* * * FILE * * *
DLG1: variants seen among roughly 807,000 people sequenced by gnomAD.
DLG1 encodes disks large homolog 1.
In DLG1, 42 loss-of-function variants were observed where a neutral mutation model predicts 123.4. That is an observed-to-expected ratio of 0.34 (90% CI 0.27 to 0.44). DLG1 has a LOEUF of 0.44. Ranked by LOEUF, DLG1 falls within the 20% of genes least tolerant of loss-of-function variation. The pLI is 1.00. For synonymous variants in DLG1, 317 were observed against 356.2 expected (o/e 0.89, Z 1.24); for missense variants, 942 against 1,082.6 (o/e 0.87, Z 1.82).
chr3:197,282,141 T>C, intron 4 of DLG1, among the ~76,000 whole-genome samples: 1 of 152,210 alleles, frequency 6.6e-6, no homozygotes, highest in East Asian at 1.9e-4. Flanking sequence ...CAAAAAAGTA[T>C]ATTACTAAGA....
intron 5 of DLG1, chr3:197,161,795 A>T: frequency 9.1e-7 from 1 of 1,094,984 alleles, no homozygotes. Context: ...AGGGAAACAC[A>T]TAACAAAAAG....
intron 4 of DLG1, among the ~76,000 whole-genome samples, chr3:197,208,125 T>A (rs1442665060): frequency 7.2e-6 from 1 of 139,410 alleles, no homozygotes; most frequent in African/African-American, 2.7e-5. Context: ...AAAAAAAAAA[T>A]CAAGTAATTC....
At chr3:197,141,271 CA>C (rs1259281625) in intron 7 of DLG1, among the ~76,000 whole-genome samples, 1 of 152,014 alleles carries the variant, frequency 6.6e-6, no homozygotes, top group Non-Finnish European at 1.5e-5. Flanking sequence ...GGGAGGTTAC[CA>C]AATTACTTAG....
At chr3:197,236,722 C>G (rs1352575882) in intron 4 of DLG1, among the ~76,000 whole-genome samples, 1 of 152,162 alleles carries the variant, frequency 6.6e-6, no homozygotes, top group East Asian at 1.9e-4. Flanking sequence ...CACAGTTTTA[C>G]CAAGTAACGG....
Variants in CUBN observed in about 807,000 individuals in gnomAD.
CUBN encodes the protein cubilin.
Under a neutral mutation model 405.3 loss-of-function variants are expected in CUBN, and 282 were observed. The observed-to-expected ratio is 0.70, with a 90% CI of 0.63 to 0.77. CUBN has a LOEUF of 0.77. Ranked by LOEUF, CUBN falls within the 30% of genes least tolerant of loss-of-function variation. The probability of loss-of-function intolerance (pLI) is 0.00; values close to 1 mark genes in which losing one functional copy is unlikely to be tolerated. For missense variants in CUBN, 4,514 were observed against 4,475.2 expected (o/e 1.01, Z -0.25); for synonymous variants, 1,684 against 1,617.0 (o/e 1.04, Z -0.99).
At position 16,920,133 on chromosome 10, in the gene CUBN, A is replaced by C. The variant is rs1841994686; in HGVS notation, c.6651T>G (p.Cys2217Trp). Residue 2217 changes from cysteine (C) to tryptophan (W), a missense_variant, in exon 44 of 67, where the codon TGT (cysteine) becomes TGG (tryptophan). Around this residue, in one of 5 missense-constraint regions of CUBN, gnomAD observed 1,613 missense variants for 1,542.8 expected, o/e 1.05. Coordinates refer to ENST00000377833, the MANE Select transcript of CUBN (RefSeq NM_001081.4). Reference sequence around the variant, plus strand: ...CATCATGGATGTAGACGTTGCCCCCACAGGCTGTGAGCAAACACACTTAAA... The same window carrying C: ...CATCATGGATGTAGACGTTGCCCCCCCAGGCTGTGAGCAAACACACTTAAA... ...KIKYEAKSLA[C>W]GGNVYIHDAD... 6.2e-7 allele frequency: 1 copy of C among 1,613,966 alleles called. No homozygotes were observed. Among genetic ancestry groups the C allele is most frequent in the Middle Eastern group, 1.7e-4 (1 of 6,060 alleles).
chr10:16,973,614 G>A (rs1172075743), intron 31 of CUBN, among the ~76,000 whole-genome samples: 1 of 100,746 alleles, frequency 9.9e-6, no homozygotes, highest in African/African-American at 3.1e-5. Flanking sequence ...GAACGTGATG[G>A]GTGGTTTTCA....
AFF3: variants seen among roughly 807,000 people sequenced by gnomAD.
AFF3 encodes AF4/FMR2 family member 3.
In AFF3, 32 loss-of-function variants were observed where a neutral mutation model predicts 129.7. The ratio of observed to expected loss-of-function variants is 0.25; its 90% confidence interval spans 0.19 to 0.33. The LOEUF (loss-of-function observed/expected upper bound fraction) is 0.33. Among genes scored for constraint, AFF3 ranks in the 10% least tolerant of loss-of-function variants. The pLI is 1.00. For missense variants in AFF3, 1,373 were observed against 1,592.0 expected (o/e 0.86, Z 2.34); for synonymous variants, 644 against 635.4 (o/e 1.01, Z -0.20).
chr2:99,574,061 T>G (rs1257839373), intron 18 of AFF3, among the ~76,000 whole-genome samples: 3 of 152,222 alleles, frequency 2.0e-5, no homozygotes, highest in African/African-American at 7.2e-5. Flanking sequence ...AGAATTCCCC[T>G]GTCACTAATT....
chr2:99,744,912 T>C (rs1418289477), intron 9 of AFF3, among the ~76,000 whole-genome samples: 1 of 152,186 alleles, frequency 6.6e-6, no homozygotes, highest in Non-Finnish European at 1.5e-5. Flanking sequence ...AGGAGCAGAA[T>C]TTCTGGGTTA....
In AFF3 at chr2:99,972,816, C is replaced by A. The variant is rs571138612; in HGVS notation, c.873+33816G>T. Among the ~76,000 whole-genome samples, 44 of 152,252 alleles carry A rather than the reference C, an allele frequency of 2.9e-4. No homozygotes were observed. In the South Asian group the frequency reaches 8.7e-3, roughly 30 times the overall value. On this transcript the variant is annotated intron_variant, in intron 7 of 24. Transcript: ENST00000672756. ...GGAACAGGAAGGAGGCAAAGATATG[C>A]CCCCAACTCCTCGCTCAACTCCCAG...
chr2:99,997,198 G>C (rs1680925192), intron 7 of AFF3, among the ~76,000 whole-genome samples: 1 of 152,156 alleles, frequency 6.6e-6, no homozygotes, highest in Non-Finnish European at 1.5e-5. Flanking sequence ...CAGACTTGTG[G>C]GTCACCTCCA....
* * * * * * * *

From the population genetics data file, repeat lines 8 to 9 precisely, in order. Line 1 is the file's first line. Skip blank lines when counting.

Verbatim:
At chr3:197,236,722 C>G (rs1352575882) in intron 4 of DLG1, among the ~76,000 whole-genome samples, 1 of 152,162 alleles carries the variant, frequency 6.6e-6, no homozygotes, top group East Asian at 1.9e-4. Flanking sequence ...CACAGTTTTA[C>G]CAAGTAACGG....
Variants in CUBN observed in about 807,000 individuals in gnomAD.